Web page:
You’re getting old if you remember when movies had actual release platforms. Pretty soon now, it’s going to be standard operating procedure for every picture to go simultaneously to theaters, Blu-Ray, cable, Hulu.com and maybe even Lite-Brite. The phenomenon is particularly noticeable in a place like Orlando, where exhibitors are sometimes lucky to squeeze in a week’s worth of showings of a left-of-center flick before it turns up in their Netflix queues.
With that kind of prompt turnaround, you might be wondering if there’s any reason to patronize your local cinema at all. And there isn’t. No, wait! We’ve thought of something: It has to do with advancing the community’s prestige. Every now and then, a film comes along that’s restricted to the so-called major markets yet has no announced home-video date. For instance, how are you going to live with yourself come Friday, knowing that audiences in New York and Los Angeles are getting to watch Zombie Strippers with Jenna Jameson and you aren’t? Write your congressman.
Opening Friday, April 18
Where in the World Is Osama Bin Laden? Having blown the lid off the toxic goings-on at McDonald’s, mustachioed muckraker Morgan Spurlock goes in search of an only slightly less lethal target: the jihadist public enemy that everyone but George W. Bush wants to see brought to justice. (See review, page 26.) If you’re in the mood to keep the
al-Qaida theme going, this week also marks the DVD release of the diplomatic romp Charlie Wilson’s War (Universal Home Entertainment), which explains in detail how our government’s bungling created bin Laden in the first place. Oh, wait, it totally doesn’t! (The Weinstein Co.; PG-13)
88 Minutes Connoisseurs know that the best Al Pacino “appearance” in years was Bill Hader’s Saturday Night Live impression of the leather-clad, leather-lunged icon placing a cell-phone inquiry to his bank. After that sort of career-defining entertainment, how excited can we get about seeing the real Pacino fend off the death threats of a mysterious caller? We bet there isn’t even a Recent Transaction in the thing. (Sony Pictures; R)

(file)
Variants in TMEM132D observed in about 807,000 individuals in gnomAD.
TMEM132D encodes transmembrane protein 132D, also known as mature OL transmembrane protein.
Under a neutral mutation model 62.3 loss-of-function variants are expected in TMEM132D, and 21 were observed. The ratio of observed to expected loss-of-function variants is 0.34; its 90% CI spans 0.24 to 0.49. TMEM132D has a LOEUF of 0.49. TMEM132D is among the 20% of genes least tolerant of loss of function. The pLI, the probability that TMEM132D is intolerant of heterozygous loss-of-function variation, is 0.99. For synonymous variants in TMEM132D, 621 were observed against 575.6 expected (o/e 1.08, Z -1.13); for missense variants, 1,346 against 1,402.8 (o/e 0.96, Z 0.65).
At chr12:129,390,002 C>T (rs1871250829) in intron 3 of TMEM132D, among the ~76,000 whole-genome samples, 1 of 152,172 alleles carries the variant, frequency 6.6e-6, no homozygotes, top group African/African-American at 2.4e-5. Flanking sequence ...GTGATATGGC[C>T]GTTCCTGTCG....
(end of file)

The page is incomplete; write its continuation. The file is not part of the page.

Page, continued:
Forgetting Sarah Marshall The latest in a seemingly endless series of comedies from the Judd Apatow camp has Jason Segel essaying the self-written role of a love-starved loser who bumps into his ex while on a Hawaiian vacation – once again proving how painful it is to be a guy who doesn’t get everything he wants the exact second he wants it. (Universal Pictures; R)
The Forbidden Kingdom An American teen travels back to ancient China, where he gets tips on honor and courage from kung fu masters Jackie Chan and Jet Li. Together, they resolve to boycott the Olympics. (Lions Gate Entertainment; PG-13)
Available Tuesday, April 22
Cloverfield The disc version of last winter’s vérité creature feature comes complete with two alternate endings. Our wish list: 1) Every one of the movie’s whiny trust-fund brats becomes Monster Chow. 2) Everyone in the world who remotely resembles them bites it, too. (Paramount Home Entertainment)
The Orphanage One downside of this alienated-hipster thing we’ve got going for us is that folks can never quite tell when one of our endorsements is sincere. So please believe that our sarcasm mode is off when we implore all red-blooded fans of expertly assembled, emotionally affecting ghost stories to see this picture immediately. And if you aren’t into that kind of movie, what in the hell is wrong with you? (Still not being sarcastic, there.) (Picturehouse)
Three Days to Vegas One of the greatest things that ever happened to us was overhearing Florida Film Festival guest Peter Falk talk to his own penis in the Enzian Theater men’s room. Journalistic integrity forbids us from repeating the monologue verbatim, but let’s just say that Big Columbo and Little Columbo apparently don’t always see, um, eye-to-eye. Anyway, Falk is in Three Days to Vegas, which comes out on DVD today. We honestly know nothing about the movie. We just love telling that story. (First Look Home Entertainment)
Available Tuesday, April 22
P.S. I Love You Hey, remember this movie? It was out not that long ago. Hilary Swank was in it. Gerard Butler, too. See, that’s the great thing about soundtracks: The memories last a lifetime. (Varèse Sarabande)firstname.lastname@example.org